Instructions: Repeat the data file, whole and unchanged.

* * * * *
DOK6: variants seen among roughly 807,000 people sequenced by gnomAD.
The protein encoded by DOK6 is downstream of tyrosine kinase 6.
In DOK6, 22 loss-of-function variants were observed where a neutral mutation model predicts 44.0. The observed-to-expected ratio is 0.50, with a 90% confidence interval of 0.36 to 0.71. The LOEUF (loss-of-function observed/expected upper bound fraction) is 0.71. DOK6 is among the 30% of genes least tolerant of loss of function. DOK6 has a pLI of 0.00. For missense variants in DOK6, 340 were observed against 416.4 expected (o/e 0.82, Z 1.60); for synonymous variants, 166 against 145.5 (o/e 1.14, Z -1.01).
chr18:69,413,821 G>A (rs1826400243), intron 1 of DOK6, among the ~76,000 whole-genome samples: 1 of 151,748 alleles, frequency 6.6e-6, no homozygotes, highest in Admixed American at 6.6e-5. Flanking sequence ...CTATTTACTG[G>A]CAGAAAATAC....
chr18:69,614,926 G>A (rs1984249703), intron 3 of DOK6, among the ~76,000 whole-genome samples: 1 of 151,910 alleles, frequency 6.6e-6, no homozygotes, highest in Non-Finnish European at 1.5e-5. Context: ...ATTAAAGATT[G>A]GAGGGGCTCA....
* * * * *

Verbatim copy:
DOK6: variants seen among roughly 807,000 people sequenced by gnomAD.
The protein encoded by DOK6 is downstream of tyrosine kinase 6.
In DOK6, 22 loss-of-function variants were observed where a neutral mutation model predicts 44.0. The observed-to-expected ratio is 0.50, with a 90% confidence interval of 0.36 to 0.71. The LOEUF (loss-of-function observed/expected upper bound fraction) is 0.71. DOK6 is among the 30% of genes least tolerant of loss of function. DOK6 has a pLI of 0.00. For missense variants in DOK6, 340 were observed against 416.4 expected (o/e 0.82, Z 1.60); for synonymous variants, 166 against 145.5 (o/e 1.14, Z -1.01).
chr18:69,413,821 G>A (rs1826400243), intron 1 of DOK6, among the ~76,000 whole-genome samples: 1 of 151,748 alleles, frequency 6.6e-6, no homozygotes, highest in Admixed American at 6.6e-5. Flanking sequence ...CTATTTACTG[G>A]CAGAAAATAC....
chr18:69,614,926 G>A (rs1984249703), intron 3 of DOK6, among the ~76,000 whole-genome samples: 1 of 151,910 alleles, frequency 6.6e-6, no homozygotes, highest in Non-Finnish European at 1.5e-5. Context: ...ATTAAAGATT[G>A]GAGGGGCTCA....